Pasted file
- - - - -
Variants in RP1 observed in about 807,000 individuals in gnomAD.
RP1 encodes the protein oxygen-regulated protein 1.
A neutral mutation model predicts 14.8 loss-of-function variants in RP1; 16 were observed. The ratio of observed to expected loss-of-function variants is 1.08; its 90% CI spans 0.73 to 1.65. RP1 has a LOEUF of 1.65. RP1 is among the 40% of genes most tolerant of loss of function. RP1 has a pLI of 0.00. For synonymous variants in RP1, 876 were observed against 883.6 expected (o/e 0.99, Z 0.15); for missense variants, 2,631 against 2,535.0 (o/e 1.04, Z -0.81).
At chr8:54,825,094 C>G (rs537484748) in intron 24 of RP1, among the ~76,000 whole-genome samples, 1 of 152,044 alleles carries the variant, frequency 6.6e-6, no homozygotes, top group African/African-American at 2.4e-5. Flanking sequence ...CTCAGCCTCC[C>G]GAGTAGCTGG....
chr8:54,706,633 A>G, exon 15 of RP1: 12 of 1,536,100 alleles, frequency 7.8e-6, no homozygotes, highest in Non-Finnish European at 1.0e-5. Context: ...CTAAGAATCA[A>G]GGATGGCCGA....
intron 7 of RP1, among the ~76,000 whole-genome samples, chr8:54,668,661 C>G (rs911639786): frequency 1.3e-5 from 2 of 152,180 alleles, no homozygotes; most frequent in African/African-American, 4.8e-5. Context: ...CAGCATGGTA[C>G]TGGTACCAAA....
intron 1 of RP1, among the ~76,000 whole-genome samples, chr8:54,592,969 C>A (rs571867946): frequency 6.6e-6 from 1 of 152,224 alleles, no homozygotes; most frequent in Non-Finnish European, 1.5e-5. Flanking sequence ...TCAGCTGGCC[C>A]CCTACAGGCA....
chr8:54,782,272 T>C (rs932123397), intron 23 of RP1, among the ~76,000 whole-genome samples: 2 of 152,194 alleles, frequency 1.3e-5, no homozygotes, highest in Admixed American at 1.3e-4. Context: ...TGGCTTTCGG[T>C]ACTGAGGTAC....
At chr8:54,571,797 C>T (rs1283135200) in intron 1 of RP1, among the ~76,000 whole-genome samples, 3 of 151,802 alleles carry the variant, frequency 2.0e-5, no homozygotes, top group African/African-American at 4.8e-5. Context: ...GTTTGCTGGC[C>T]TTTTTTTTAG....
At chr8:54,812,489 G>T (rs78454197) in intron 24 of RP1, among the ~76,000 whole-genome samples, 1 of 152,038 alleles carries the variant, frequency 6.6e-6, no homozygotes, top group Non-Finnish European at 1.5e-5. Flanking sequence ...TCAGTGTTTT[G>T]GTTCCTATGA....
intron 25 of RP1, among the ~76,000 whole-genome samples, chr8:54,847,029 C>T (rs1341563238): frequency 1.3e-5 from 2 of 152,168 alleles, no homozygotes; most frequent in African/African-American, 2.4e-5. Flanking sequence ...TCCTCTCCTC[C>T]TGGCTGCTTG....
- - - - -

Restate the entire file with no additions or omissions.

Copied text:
Variants in RP1 observed in about 807,000 individuals in gnomAD.
RP1 encodes the protein oxygen-regulated protein 1.
A neutral mutation model predicts 14.8 loss-of-function variants in RP1; 16 were observed. The ratio of observed to expected loss-of-function variants is 1.08; its 90% CI spans 0.73 to 1.65. RP1 has a LOEUF of 1.65. RP1 is among the 40% of genes most tolerant of loss of function. RP1 has a pLI of 0.00. For synonymous variants in RP1, 876 were observed against 883.6 expected (o/e 0.99, Z 0.15); for missense variants, 2,631 against 2,535.0 (o/e 1.04, Z -0.81).
At chr8:54,825,094 C>G (rs537484748) in intron 24 of RP1, among the ~76,000 whole-genome samples, 1 of 152,044 alleles carries the variant, frequency 6.6e-6, no homozygotes, top group African/African-American at 2.4e-5. Flanking sequence ...CTCAGCCTCC[C>G]GAGTAGCTGG....
chr8:54,706,633 A>G, exon 15 of RP1: 12 of 1,536,100 alleles, frequency 7.8e-6, no homozygotes, highest in Non-Finnish European at 1.0e-5. Context: ...CTAAGAATCA[A>G]GGATGGCCGA....
intron 7 of RP1, among the ~76,000 whole-genome samples, chr8:54,668,661 C>G (rs911639786): frequency 1.3e-5 from 2 of 152,180 alleles, no homozygotes; most frequent in African/African-American, 4.8e-5. Context: ...CAGCATGGTA[C>G]TGGTACCAAA....
intron 1 of RP1, among the ~76,000 whole-genome samples, chr8:54,592,969 C>A (rs571867946): frequency 6.6e-6 from 1 of 152,224 alleles, no homozygotes; most frequent in Non-Finnish European, 1.5e-5. Flanking sequence ...TCAGCTGGCC[C>A]CCTACAGGCA....
chr8:54,782,272 T>C (rs932123397), intron 23 of RP1, among the ~76,000 whole-genome samples: 2 of 152,194 alleles, frequency 1.3e-5, no homozygotes, highest in Admixed American at 1.3e-4. Context: ...TGGCTTTCGG[T>C]ACTGAGGTAC....
At chr8:54,571,797 C>T (rs1283135200) in intron 1 of RP1, among the ~76,000 whole-genome samples, 3 of 151,802 alleles carry the variant, frequency 2.0e-5, no homozygotes, top group African/African-American at 4.8e-5. Context: ...GTTTGCTGGC[C>T]TTTTTTTTAG....
At chr8:54,812,489 G>T (rs78454197) in intron 24 of RP1, among the ~76,000 whole-genome samples, 1 of 152,038 alleles carries the variant, frequency 6.6e-6, no homozygotes, top group Non-Finnish European at 1.5e-5. Flanking sequence ...TCAGTGTTTT[G>T]GTTCCTATGA....
intron 25 of RP1, among the ~76,000 whole-genome samples, chr8:54,847,029 C>T (rs1341563238): frequency 1.3e-5 from 2 of 152,168 alleles, no homozygotes; most frequent in African/African-American, 2.4e-5. Flanking sequence ...TCCTCTCCTC[C>T]TGGCTGCTTG....